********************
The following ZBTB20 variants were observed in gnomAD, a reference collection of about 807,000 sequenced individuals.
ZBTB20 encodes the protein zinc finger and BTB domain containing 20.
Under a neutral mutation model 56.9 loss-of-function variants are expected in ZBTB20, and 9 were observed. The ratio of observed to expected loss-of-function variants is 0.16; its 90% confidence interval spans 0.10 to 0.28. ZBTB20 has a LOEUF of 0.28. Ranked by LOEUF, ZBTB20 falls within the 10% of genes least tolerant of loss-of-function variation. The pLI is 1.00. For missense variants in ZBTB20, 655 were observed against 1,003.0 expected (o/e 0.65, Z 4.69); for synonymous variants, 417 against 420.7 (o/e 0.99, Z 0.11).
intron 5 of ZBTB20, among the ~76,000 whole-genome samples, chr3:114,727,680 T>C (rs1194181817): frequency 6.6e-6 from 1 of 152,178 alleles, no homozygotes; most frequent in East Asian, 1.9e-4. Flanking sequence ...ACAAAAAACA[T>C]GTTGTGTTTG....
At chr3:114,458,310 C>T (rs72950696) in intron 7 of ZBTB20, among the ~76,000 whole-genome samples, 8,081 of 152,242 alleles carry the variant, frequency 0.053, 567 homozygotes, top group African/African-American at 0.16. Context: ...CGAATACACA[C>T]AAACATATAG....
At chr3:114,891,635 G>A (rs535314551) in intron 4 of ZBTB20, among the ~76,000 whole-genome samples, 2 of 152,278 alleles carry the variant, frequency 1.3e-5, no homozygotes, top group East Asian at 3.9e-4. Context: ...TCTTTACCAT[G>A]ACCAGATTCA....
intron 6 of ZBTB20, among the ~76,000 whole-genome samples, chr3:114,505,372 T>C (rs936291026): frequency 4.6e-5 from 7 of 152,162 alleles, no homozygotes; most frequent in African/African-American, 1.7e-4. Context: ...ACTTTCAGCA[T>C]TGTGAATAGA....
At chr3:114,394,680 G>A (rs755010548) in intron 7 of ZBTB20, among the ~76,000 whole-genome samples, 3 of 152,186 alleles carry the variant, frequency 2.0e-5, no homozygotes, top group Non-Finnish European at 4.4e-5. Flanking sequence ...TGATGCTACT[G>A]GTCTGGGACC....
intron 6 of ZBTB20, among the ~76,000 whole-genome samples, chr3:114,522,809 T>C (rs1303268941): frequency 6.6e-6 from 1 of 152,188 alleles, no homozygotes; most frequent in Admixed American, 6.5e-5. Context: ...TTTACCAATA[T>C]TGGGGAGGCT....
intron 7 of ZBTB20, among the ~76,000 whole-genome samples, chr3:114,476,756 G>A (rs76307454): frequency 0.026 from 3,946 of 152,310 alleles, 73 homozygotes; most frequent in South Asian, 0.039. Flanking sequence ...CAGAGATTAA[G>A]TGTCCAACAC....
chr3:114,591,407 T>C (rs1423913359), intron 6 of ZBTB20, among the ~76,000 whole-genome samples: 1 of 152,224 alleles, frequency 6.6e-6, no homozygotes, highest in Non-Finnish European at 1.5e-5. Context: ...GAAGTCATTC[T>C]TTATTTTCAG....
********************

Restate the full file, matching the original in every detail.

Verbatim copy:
The following ZBTB20 variants were observed in gnomAD, a reference collection of about 807,000 sequenced individuals.
ZBTB20 encodes the protein zinc finger and BTB domain containing 20.
Under a neutral mutation model 56.9 loss-of-function variants are expected in ZBTB20, and 9 were observed. The ratio of observed to expected loss-of-function variants is 0.16; its 90% confidence interval spans 0.10 to 0.28. ZBTB20 has a LOEUF of 0.28. Ranked by LOEUF, ZBTB20 falls within the 10% of genes least tolerant of loss-of-function variation. The pLI is 1.00. For missense variants in ZBTB20, 655 were observed against 1,003.0 expected (o/e 0.65, Z 4.69); for synonymous variants, 417 against 420.7 (o/e 0.99, Z 0.11).
intron 5 of ZBTB20, among the ~76,000 whole-genome samples, chr3:114,727,680 T>C (rs1194181817): frequency 6.6e-6 from 1 of 152,178 alleles, no homozygotes; most frequent in East Asian, 1.9e-4. Flanking sequence ...ACAAAAAACA[T>C]GTTGTGTTTG....
At chr3:114,458,310 C>T (rs72950696) in intron 7 of ZBTB20, among the ~76,000 whole-genome samples, 8,081 of 152,242 alleles carry the variant, frequency 0.053, 567 homozygotes, top group African/African-American at 0.16. Context: ...CGAATACACA[C>T]AAACATATAG....
At chr3:114,891,635 G>A (rs535314551) in intron 4 of ZBTB20, among the ~76,000 whole-genome samples, 2 of 152,278 alleles carry the variant, frequency 1.3e-5, no homozygotes, top group East Asian at 3.9e-4. Context: ...TCTTTACCAT[G>A]ACCAGATTCA....
intron 6 of ZBTB20, among the ~76,000 whole-genome samples, chr3:114,505,372 T>C (rs936291026): frequency 4.6e-5 from 7 of 152,162 alleles, no homozygotes; most frequent in African/African-American, 1.7e-4. Context: ...ACTTTCAGCA[T>C]TGTGAATAGA....
At chr3:114,394,680 G>A (rs755010548) in intron 7 of ZBTB20, among the ~76,000 whole-genome samples, 3 of 152,186 alleles carry the variant, frequency 2.0e-5, no homozygotes, top group Non-Finnish European at 4.4e-5. Flanking sequence ...TGATGCTACT[G>A]GTCTGGGACC....
intron 6 of ZBTB20, among the ~76,000 whole-genome samples, chr3:114,522,809 T>C (rs1303268941): frequency 6.6e-6 from 1 of 152,188 alleles, no homozygotes; most frequent in Admixed American, 6.5e-5. Context: ...TTTACCAATA[T>C]TGGGGAGGCT....
intron 7 of ZBTB20, among the ~76,000 whole-genome samples, chr3:114,476,756 G>A (rs76307454): frequency 0.026 from 3,946 of 152,310 alleles, 73 homozygotes; most frequent in South Asian, 0.039. Flanking sequence ...CAGAGATTAA[G>A]TGTCCAACAC....
chr3:114,591,407 T>C (rs1423913359), intron 6 of ZBTB20, among the ~76,000 whole-genome samples: 1 of 152,224 alleles, frequency 6.6e-6, no homozygotes, highest in Non-Finnish European at 1.5e-5. Context: ...GAAGTCATTC[T>C]TTATTTTCAG....